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Work-Integrated Learning Assessment Workshop

Karen NultonFacilitator:

Karen Nulton: Director of Writing Assessment & Associate Professor of English, Drexel University

Dr. Karen Nulton is the Director of Writing Assessment and Associate Professor of English in the College of Arts and Sciences at Drexel University, where she also researches assessment of work-integrated learning (co-op). She just returned from a Fulbright scholarship to Cape Town, South Africa, where she partnered with university colleagues to analyze their work-integrated learning data. She has worked extensively with reflective writing as it relates to teaching and learning. Prior to coming to Drexel, she was a senior assessment specialist at Educational Testing Service (ETS).

 Kristen Gallo-Zdunowski Facilitator:

Kristen Gallo-Zdunowski: Assistant Director of Cooperative Education, Drexel University

Kristen Gallo-Zdunowski has worked in higher education for 11 years, with the last 6 years spent in cooperative education at Drexel University. Kristen’s current role sits at the intersection of employer needs and student learning where she manages the co-op program for 6 colleges/schools at Drexel, along with a team of co-op advisors. Kristen is researching 21st century skills as a result of work-integrated learning programs while pursuing her Doctor of Education at Drexel University. She holds a Master’s degree from Northeastern University in College Student Development and Counseling and Bachelor’s degree in Psychology from Stony Brook University.

Nancy JohstonGuest Presenter:

Nancy Johnston: President, World Association for Co-operative and Work Integrated Education

Dr. Nancy Johnston is the President of the World Association for Co-operative and Work Integrated Education having completed her career at Simon Fraser University in Vancouver, BC Canada, in the role of Vice Provost Students and International. Nancy was the former Executive Director of Student Learning and Retention and previous Director of Co-operative Education at SFU, as well as a leader in pioneering the implementation of Strategic Enrolment Management (SEM) at the institution. She currently holds an adjunct professorship in the Faculty of Education where she teaches in the areas of experiential and work integrated learning and works with graduate students. She is a faculty member of WACE’s Institute on High Impact Experiential Learning, and a founding member of the World, National and Provincial WIL Research Committees. She was also a member of the Canadian Bureau for International Education (CBIE) Board and has published in co-op and international education related journals and books on the subject of experiential learning curriculum design, implementation, and assessment as well as international student success. Recent research includes a study examining experiential education in the BC post-secondary system, and an international research project investigating Sub-Saharan African Student Success after graduation (2016). Dr. Johnston has published several book chapters including one in The World is My Classroom: International Learning and Canadian Higher Education (2013) and another entitled Navigating Continuous Change: A Focus on Self-Direction and Skills and Knowledge Transfer in Work-Integrated Learning in the 21st Century: Global Perspectives on the Future (2017).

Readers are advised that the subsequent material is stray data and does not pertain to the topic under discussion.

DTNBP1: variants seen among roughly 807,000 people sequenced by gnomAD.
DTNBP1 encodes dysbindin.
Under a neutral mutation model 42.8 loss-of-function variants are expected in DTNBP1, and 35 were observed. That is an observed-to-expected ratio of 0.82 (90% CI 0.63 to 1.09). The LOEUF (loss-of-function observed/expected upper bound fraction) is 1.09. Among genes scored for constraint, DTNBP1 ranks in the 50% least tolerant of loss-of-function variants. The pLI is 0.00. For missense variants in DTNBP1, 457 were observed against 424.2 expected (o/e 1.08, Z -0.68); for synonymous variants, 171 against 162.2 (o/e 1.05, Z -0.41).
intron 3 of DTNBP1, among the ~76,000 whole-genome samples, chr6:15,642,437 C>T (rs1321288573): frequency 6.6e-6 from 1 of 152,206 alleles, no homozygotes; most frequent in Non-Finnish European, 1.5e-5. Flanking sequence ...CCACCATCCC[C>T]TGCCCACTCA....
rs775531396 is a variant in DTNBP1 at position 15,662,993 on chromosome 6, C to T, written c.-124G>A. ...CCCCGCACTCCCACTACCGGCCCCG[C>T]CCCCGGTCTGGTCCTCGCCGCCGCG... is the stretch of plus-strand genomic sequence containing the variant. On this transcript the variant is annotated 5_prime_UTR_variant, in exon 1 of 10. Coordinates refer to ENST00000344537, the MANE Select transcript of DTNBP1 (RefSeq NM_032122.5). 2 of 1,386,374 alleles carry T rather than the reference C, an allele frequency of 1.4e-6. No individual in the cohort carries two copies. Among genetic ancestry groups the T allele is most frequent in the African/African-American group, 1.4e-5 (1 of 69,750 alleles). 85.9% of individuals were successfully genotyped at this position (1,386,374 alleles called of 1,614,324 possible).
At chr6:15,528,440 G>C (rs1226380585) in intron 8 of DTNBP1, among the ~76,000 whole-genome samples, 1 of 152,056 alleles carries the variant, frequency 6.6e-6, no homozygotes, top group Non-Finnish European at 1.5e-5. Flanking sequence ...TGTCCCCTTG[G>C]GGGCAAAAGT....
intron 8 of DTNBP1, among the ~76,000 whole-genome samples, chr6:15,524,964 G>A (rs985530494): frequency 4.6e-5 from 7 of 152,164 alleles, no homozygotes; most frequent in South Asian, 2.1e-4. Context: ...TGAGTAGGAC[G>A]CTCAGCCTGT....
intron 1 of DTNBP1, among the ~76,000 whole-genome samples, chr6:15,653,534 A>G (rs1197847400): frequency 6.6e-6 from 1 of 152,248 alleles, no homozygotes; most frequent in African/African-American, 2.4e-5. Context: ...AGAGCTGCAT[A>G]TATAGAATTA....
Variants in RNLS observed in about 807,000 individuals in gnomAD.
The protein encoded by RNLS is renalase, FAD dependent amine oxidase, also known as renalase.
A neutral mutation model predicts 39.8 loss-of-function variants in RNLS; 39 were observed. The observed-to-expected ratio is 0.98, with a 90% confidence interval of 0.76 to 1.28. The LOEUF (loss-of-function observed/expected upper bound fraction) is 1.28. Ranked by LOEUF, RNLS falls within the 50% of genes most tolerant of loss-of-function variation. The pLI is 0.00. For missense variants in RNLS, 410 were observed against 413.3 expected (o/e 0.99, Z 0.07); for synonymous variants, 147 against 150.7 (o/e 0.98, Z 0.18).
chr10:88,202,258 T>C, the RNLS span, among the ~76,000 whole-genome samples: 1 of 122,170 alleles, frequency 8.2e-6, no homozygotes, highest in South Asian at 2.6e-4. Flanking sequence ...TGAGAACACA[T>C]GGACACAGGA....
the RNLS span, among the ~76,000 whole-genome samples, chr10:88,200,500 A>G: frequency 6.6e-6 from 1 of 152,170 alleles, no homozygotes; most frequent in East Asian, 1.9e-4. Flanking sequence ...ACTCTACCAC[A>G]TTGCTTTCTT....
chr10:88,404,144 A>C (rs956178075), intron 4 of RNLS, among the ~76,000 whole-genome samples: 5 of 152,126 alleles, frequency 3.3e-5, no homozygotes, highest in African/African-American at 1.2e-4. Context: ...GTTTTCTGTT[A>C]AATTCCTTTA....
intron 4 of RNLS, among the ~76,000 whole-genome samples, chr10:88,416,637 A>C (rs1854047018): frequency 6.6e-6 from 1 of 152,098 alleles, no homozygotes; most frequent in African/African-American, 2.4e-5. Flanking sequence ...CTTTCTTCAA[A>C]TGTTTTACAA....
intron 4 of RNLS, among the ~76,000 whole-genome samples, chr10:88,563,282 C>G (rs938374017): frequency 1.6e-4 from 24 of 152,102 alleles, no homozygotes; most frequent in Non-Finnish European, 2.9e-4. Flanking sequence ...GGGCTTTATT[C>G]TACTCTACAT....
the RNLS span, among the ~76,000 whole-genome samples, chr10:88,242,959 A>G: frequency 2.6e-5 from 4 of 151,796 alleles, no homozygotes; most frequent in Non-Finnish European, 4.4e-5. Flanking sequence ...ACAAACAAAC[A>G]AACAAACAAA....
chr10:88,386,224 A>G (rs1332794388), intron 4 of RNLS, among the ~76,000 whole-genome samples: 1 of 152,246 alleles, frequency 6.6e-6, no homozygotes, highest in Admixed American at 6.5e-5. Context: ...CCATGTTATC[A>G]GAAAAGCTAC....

Educators from any school interested in creating or augmenting its work-integrated learning offerings (internship, cooperative education, or flexible-work arrangement) are encouraged to attend the September 11 workshop. This hands-on experience will allow participants to link theory with practice and to grapple with real-world implementation choices. Internationally recognized facilitators will use sample data and scenarios from the Steinbright Career Development Center to engage participants in real-world discussions as they move into the rich and growing potential of work-integrated integrated learning. We recommend that schools send teams of at least three to facilitate post-conference planning and implementation. Attendees are strongly encouraged to register for the full day experience, though half-day sessions are available.

The morning sessions will explore how to create, run, and assess a WIL program.

Sessions will include:

  1. Cultivating and maintaining professional work partnerships
  2. Managing student applications for work opportunities and matching students with employers
  3. Awarding credit for work-integrated learning and incorporating it with school curriculum
  4. Collecting and analyzing assessment material from students and employers
  5. Analyzing qualitative data to augment information from quantitative data

The afternoon sessions will focus on how to make clear links between academics, work-integrated learning, and research

Sessions will include:

  1. Using data from work-integrated learning to inform curricular changes
  2. Using WIL data to facilitate faculty research programs
  3. Analyzing WIL qualitative and quantitative data
  4. Linking curricular efforts to WIL efforts

Full day participants will leave this institute with a solid foundation in how to

At the end of this workshop, participants will be able to:

  1. Create and augment work-integrated learning experiences
  2. Partner with faculty on work-integrated learning research
  3. Use data from work-integrated learning experiences to enrich curriculum
  4. Contact a network of colleagues both nationally and internationally